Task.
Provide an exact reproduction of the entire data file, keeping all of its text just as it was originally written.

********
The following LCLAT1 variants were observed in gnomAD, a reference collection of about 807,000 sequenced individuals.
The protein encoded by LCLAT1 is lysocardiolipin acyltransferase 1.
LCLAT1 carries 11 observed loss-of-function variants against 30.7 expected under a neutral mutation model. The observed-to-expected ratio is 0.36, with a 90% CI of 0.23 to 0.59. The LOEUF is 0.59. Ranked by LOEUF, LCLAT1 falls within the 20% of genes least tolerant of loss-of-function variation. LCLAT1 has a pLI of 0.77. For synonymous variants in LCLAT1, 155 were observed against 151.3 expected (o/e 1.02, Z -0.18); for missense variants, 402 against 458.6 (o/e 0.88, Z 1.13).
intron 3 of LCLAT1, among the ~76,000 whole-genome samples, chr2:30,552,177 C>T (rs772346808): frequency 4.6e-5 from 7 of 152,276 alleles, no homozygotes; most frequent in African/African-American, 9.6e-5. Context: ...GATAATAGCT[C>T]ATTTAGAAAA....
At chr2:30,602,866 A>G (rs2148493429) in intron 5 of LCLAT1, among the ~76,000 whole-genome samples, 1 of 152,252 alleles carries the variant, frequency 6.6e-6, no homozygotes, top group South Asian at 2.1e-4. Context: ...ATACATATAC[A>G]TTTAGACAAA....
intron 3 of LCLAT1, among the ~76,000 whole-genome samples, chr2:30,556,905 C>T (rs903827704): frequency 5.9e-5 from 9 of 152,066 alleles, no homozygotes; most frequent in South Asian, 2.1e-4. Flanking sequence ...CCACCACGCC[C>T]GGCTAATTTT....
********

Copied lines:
The following LCLAT1 variants were observed in gnomAD, a reference collection of about 807,000 sequenced individuals.
The protein encoded by LCLAT1 is lysocardiolipin acyltransferase 1.
LCLAT1 carries 11 observed loss-of-function variants against 30.7 expected under a neutral mutation model. The observed-to-expected ratio is 0.36, with a 90% CI of 0.23 to 0.59. The LOEUF is 0.59. Ranked by LOEUF, LCLAT1 falls within the 20% of genes least tolerant of loss-of-function variation. LCLAT1 has a pLI of 0.77. For synonymous variants in LCLAT1, 155 were observed against 151.3 expected (o/e 1.02, Z -0.18); for missense variants, 402 against 458.6 (o/e 0.88, Z 1.13).
intron 3 of LCLAT1, among the ~76,000 whole-genome samples, chr2:30,552,177 C>T (rs772346808): frequency 4.6e-5 from 7 of 152,276 alleles, no homozygotes; most frequent in African/African-American, 9.6e-5. Context: ...GATAATAGCT[C>T]ATTTAGAAAA....
At chr2:30,602,866 A>G (rs2148493429) in intron 5 of LCLAT1, among the ~76,000 whole-genome samples, 1 of 152,252 alleles carries the variant, frequency 6.6e-6, no homozygotes, top group South Asian at 2.1e-4. Context: ...ATACATATAC[A>G]TTTAGACAAA....
intron 3 of LCLAT1, among the ~76,000 whole-genome samples, chr2:30,556,905 C>T (rs903827704): frequency 5.9e-5 from 9 of 152,066 alleles, no homozygotes; most frequent in South Asian, 2.1e-4. Flanking sequence ...CCACCACGCC[C>T]GGCTAATTTT....